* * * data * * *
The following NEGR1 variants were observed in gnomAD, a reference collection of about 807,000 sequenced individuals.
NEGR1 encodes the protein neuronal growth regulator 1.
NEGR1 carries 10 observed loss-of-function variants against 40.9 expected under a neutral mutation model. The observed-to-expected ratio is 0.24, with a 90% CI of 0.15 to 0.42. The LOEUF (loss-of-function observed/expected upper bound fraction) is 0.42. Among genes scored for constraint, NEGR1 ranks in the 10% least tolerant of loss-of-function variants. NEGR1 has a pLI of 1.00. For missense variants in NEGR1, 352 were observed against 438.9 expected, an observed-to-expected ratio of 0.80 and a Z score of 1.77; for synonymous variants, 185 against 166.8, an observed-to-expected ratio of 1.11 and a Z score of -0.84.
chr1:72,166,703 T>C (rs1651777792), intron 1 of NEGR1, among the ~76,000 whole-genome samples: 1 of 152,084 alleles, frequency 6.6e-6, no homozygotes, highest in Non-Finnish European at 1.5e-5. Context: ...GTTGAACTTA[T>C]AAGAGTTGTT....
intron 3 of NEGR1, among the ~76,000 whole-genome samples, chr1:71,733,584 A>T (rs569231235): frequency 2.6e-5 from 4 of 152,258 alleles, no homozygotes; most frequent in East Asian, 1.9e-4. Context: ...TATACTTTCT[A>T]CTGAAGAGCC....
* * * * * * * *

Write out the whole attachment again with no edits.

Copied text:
The following NEGR1 variants were observed in gnomAD, a reference collection of about 807,000 sequenced individuals.
NEGR1 encodes the protein neuronal growth regulator 1.
NEGR1 carries 10 observed loss-of-function variants against 40.9 expected under a neutral mutation model. The observed-to-expected ratio is 0.24, with a 90% CI of 0.15 to 0.42. The LOEUF (loss-of-function observed/expected upper bound fraction) is 0.42. Among genes scored for constraint, NEGR1 ranks in the 10% least tolerant of loss-of-function variants. NEGR1 has a pLI of 1.00. For missense variants in NEGR1, 352 were observed against 438.9 expected, an observed-to-expected ratio of 0.80 and a Z score of 1.77; for synonymous variants, 185 against 166.8, an observed-to-expected ratio of 1.11 and a Z score of -0.84.
chr1:72,166,703 T>C (rs1651777792), intron 1 of NEGR1, among the ~76,000 whole-genome samples: 1 of 152,084 alleles, frequency 6.6e-6, no homozygotes, highest in Non-Finnish European at 1.5e-5. Context: ...GTTGAACTTA[T>C]AAGAGTTGTT....
intron 3 of NEGR1, among the ~76,000 whole-genome samples, chr1:71,733,584 A>T (rs569231235): frequency 2.6e-5 from 4 of 152,258 alleles, no homozygotes; most frequent in East Asian, 1.9e-4. Context: ...TATACTTTCT[A>T]CTGAAGAGCC....